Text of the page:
Mulling the unthinkable: capturing an asteroid!

Xinhua
Next time when your kids ask you to bring them a star from the sky, you don't have to shrug and walk away. Tell them to wait, instead.
Xinhua

Next time when your kids ask you to bring them a star from the sky, you don’t have to shrug and walk away. Tell them to wait, instead.

A group of Chinese scientists are mulling a bold idea to capture a small near-Earth asteroid, which might be a potential threat, and bring it back to Earth to exploit its resources.

“Sounds like science-fiction, but I believe it can be realized,” said Li Mingtao, a researcher at the National Space Science Center under the Chinese Academy of Sciences.

Li and his team raised the audacious idea in a contest of innovative future technologies recently held in Shenzhen, south China’s Guangdong Province, and entered the finals with another 59 projects. The contest encouraged young Chinese scientists to conceive groundbreaking technologies and trigger innovation.

The process could start with a spacecraft carrying a huge bag to wrap a small asteroid and push it back over the Earth. Then it would unfold a heat shield to reduce the velocity of the asteroid when it enters the Earth’s atmosphere, and control it to land in a no-human zone, Li explained.

Huang Wei, chief engineer at an institute of the China Academy of Space Technology, said the idea is very creative and could help promote the development of space technologies.

Li said many key technologies would have to be tackled to achieve the goal. One challenge would be finding a suitable target. The smaller an asteroid, the more difficult it is to discover. Telescopes on the ground can only find small asteroids when they come very close.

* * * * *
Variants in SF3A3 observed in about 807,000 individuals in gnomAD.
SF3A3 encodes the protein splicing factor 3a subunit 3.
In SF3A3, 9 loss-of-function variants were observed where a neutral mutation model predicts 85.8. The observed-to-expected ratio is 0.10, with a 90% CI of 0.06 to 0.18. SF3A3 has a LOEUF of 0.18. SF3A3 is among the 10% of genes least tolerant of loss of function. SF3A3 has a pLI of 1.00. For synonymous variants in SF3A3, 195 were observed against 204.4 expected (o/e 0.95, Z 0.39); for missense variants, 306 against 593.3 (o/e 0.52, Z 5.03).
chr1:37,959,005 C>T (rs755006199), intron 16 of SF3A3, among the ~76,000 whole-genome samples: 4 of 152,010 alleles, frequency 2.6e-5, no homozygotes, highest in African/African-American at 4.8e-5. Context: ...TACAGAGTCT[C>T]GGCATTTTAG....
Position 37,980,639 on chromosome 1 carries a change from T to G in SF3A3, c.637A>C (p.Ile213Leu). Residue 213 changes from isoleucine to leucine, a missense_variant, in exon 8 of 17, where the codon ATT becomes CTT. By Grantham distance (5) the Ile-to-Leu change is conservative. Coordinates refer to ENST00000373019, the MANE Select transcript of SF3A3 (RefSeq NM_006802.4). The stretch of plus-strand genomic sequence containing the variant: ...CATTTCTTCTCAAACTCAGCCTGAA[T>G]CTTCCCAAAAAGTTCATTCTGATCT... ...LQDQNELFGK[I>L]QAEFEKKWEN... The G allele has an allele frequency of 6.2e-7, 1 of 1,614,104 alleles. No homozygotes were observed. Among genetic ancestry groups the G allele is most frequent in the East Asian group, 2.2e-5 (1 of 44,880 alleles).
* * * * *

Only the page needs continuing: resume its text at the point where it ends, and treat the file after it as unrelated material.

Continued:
Hardest challenge

Li is working with space engineers at the Qian Xuesen Laboratory of Space Technology, under the China Aerospace Science and Technology Corporation, to draw up a plan for a satellite constellation on the heliocentric Venus-like orbit. The satellites will be used to search for and analyze near-Earth small celestial bodies with a diameter around 10 meters.

He said the hardest challenge might be the control of the asteroid after it enters the Earth’s atmosphere. They must design a heat shield, and drop the speed of the asteroid from 12.5km per second to about 140 meters per second before it touches down at a designated area.

To analyze the feasibility of the plan, Li’s team has targeted a small asteroid more than 100 million km away. It’s about 6.4 meters in diameter and weighs several hundred tons.

The asteroid’s main components are still not clear. Li calculated the proper time to launch an asteroid catcher would be 2029, and it could be brought back to Earth in 2034.

Some near-Earth asteroids are at risk of colliding with Earth. An asteroid entered the Earth’s atmosphere over Russia in February 2013, and exploded above Chelyabinsk, leaving more than 1,500 people injured and about 3,000 buildings damaged.


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